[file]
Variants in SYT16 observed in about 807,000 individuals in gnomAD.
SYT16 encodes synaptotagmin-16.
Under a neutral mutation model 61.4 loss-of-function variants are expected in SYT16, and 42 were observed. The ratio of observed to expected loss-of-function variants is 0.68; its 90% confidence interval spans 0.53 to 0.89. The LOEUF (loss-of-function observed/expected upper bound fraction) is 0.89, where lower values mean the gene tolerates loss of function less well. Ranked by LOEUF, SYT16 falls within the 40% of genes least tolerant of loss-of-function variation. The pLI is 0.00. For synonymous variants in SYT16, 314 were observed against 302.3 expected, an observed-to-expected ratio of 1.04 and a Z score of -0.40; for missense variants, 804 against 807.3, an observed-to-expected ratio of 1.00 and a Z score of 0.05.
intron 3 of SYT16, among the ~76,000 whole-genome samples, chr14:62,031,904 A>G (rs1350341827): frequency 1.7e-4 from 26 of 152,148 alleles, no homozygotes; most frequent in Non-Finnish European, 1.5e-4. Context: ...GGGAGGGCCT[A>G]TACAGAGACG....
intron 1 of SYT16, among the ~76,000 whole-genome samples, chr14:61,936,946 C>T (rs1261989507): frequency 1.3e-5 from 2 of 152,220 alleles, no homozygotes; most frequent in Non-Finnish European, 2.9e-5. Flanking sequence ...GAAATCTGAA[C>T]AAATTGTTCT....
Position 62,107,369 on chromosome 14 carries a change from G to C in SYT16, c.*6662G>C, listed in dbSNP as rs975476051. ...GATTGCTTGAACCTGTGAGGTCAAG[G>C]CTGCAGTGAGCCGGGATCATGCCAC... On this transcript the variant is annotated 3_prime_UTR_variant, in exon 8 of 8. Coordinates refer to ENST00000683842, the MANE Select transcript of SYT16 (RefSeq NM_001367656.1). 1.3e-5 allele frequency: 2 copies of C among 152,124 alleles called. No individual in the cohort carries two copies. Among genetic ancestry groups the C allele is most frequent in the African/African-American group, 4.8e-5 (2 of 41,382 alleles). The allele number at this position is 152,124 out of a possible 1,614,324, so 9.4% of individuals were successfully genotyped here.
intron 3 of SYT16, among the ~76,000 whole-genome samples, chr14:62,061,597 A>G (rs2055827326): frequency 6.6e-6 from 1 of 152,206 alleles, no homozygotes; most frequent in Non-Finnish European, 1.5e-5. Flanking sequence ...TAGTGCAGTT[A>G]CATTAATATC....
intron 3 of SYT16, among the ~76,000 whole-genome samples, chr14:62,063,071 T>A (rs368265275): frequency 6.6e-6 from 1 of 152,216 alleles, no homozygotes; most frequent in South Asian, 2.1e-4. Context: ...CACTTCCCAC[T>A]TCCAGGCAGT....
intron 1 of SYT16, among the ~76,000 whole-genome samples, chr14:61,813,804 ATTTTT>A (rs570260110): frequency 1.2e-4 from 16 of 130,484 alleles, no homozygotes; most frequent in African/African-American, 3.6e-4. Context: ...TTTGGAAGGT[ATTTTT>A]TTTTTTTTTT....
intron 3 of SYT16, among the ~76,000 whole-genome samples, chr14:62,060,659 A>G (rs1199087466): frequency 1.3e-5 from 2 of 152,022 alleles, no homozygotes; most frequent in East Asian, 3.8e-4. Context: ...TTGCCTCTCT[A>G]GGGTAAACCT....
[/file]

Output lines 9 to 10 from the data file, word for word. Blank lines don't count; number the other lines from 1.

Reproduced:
intron 1 of SYT16, among the ~76,000 whole-genome samples, chr14:61,813,804 ATTTTT>A (rs570260110): frequency 1.2e-4 from 16 of 130,484 alleles, no homozygotes; most frequent in African/African-American, 3.6e-4. Context: ...TTTGGAAGGT[ATTTTT>A]TTTTTTTTTT....
intron 3 of SYT16, among the ~76,000 whole-genome samples, chr14:62,060,659 A>G (rs1199087466): frequency 1.3e-5 from 2 of 152,022 alleles, no homozygotes; most frequent in East Asian, 3.8e-4. Context: ...TTGCCTCTCT[A>G]GGGTAAACCT....